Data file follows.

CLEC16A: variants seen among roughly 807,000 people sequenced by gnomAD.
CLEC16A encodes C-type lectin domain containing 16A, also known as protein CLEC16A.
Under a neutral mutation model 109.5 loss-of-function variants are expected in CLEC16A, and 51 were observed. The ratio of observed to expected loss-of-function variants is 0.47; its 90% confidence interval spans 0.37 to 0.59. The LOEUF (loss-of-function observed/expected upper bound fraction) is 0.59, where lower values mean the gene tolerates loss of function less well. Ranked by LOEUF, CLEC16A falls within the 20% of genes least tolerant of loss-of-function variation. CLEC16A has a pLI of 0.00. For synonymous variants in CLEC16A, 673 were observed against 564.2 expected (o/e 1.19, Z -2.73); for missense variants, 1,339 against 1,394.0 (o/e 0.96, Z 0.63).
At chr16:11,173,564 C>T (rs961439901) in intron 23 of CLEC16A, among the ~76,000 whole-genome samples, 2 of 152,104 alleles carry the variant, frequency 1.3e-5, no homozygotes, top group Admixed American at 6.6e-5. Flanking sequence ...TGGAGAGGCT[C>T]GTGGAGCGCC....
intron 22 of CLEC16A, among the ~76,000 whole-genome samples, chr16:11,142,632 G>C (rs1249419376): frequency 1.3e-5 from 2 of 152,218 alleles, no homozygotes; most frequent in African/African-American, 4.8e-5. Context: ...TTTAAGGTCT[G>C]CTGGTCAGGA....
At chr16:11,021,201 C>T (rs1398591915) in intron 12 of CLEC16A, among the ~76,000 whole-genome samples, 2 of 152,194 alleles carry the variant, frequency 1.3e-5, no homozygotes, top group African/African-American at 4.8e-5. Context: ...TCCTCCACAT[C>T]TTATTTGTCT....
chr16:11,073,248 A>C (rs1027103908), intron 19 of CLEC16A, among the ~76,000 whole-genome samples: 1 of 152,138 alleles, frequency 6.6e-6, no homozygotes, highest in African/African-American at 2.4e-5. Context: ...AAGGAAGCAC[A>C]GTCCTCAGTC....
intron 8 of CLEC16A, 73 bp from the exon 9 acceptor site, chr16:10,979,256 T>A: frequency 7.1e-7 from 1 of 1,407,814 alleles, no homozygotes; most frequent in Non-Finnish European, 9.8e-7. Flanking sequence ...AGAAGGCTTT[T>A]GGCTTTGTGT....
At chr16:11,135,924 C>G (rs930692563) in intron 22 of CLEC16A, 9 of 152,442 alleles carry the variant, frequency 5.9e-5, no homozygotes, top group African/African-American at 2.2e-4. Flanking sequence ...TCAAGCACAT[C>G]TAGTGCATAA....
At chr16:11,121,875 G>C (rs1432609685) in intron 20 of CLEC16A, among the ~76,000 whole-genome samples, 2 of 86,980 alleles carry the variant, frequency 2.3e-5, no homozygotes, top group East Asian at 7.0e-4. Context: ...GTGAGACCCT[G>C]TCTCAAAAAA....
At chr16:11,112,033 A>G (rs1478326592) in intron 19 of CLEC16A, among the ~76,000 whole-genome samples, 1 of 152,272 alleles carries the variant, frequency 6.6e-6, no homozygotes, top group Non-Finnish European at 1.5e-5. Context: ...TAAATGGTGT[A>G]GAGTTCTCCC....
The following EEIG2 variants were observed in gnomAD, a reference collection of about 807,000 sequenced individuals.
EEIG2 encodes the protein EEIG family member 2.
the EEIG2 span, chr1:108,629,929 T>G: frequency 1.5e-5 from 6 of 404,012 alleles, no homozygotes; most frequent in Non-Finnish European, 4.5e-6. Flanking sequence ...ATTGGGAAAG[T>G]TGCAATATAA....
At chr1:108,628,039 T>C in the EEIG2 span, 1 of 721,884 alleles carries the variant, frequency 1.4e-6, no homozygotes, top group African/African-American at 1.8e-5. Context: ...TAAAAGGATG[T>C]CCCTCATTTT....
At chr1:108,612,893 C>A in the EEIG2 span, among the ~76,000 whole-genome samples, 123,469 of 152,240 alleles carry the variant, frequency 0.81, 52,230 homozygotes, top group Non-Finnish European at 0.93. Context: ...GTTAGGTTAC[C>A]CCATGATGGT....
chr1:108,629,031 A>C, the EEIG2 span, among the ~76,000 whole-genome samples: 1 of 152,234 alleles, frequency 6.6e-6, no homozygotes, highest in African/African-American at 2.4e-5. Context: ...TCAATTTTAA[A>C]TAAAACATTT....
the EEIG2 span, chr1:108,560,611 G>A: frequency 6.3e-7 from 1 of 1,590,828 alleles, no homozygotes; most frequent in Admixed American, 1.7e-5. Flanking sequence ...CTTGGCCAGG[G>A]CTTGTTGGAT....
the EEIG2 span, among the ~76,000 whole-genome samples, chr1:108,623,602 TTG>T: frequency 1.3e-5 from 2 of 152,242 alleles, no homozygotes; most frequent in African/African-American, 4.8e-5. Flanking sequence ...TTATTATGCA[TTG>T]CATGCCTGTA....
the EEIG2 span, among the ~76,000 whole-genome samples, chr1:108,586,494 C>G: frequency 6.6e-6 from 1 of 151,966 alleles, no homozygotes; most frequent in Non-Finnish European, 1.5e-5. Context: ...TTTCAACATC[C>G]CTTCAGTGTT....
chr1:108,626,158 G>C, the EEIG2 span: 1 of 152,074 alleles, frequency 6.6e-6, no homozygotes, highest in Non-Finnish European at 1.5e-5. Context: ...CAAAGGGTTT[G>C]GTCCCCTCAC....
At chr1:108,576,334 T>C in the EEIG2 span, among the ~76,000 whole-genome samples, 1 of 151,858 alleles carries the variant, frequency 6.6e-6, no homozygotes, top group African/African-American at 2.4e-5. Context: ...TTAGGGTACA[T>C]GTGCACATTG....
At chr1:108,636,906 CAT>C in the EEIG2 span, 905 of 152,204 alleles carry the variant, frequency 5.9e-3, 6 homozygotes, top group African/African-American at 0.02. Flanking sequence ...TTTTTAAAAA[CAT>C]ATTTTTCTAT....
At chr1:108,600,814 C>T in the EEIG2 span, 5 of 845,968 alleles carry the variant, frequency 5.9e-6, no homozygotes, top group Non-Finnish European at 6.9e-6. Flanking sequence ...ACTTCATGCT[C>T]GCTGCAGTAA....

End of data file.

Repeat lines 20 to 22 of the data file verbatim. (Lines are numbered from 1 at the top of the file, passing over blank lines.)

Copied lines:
the EEIG2 span, among the ~76,000 whole-genome samples, chr1:108,586,494 C>G: frequency 6.6e-6 from 1 of 151,966 alleles, no homozygotes; most frequent in Non-Finnish European, 1.5e-5. Context: ...TTTCAACATC[C>G]CTTCAGTGTT....
chr1:108,626,158 G>C, the EEIG2 span: 1 of 152,074 alleles, frequency 6.6e-6, no homozygotes, highest in Non-Finnish European at 1.5e-5. Context: ...CAAAGGGTTT[G>C]GTCCCCTCAC....
At chr1:108,576,334 T>C in the EEIG2 span, among the ~76,000 whole-genome samples, 1 of 151,858 alleles carries the variant, frequency 6.6e-6, no homozygotes, top group African/African-American at 2.4e-5. Context: ...TTAGGGTACA[T>C]GTGCACATTG....